Posted by Caleb in Kansas [220.127.116.11] on Tuesday, September 24, 2019 at 13:24:25 :
In Reply to: New Fangled vehicles OT posted by Mike in Arkansas [18.104.22.168] on Monday, September 23, 2019 at 09:34:20 :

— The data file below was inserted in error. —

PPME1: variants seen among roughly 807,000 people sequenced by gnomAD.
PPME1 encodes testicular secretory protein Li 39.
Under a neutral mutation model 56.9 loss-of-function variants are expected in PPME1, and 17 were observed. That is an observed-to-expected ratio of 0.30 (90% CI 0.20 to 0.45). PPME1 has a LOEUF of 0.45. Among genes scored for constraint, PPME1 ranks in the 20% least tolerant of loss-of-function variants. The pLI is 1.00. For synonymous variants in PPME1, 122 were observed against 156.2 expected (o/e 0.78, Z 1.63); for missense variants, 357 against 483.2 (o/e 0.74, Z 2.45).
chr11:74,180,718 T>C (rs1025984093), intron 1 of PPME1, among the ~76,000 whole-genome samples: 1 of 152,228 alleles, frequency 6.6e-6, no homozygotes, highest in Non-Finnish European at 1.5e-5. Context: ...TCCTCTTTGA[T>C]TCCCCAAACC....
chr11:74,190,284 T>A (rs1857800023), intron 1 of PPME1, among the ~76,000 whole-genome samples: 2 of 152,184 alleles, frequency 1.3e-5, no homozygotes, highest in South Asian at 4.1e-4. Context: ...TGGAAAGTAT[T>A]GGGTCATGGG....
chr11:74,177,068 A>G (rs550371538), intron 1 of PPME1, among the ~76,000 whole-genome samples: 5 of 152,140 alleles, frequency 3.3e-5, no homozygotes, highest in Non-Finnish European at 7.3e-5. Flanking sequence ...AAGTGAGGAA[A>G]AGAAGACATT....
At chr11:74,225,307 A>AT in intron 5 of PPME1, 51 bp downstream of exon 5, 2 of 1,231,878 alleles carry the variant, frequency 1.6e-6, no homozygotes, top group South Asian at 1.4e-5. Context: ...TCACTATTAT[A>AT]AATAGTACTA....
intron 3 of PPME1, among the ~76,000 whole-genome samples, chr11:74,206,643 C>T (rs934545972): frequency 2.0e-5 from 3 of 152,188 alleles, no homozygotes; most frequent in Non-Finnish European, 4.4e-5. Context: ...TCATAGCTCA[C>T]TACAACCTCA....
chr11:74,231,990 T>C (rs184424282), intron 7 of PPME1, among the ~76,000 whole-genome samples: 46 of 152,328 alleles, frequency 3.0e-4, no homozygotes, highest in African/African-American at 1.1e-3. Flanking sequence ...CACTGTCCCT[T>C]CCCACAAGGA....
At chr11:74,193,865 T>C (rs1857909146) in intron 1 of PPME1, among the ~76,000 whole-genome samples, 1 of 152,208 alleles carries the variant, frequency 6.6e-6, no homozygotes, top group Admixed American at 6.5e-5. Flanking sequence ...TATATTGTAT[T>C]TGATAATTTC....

I find it mildly amusing that the mysterious phenomena we have dealt with in the modified rig world has become a major problem for the high tech cutting edge engineering of these new vehicles. My 2001 Dodge 2500 4x4 had major steering issues and was not pleasant to drive. There was ZERO play in the ball joints as the previous owner had replaced them shortly before I purchased the vehicle. It was a bit of a handful to drive and was very "darty" if that makes sense. A week after buying it, I replaced a worn pitman arm joint and then flat towed my '79 CJ sitting on 3/4 ton running gear and 37" tires out to Colorado for a Labor Day vacation. The drive out was flawless and I was averaging about 17 mpg, the trip home was a nightmare with 45mph cross winds and every rough bridge approach would nearly send me onto the left shoulder regardless of lane choice. I found that a remedy was to accelerate sharply as I hit the approach which drastically lessened the affect. When we returned home, I had an alignment done and everything was found to be in spec. Eventually it became unbearable to drive and I would not allow anyone else to drive it, including my wife. I did not have death wobble, but I did have unpredictable steering which would follow every seam in a road or get scary with a pothole or uneven lane. I did one very simple modification, I upgraded from the Y style steering to the T style which used a link set for the 2008 Ram 2500. This made the truck much more predictable, but didn't fix it. I then replaced the track bar and installed the MOOG lower bushing instead of using the softer rubber bushing and this helped much more. What really sealed the deal and got it to the point that I would allow my wife to drive it, was when I rebuilt the axles (failed pinion bearing on the front diff) I installed all new control arms and used cam bolts in the lowers which were maxed out to a 3.5° caster (may have been 4.5). Personally, I feel that the caster is the real key in combination with a small amount of additional toe-in. I have since built 3 Jeeps with multi link suspensions and the only one we haven't had issues with funky steering was the one with a triangulated 4 link and adjustable upper control arms. Anything with tires increased more that a couple of inches in size gets 4.5-5° of caster and about 3/16 of toe to start from. I ended up with 10° of total caster on my suburban and it drives just fine (to me). On my wife's Grand Cherokee, I installed a 4" lift when I replaced all of the rusted and worn suspension components that were starting to cause some wobble. I maxed out the cams on it but still felt it could have used another 2°.
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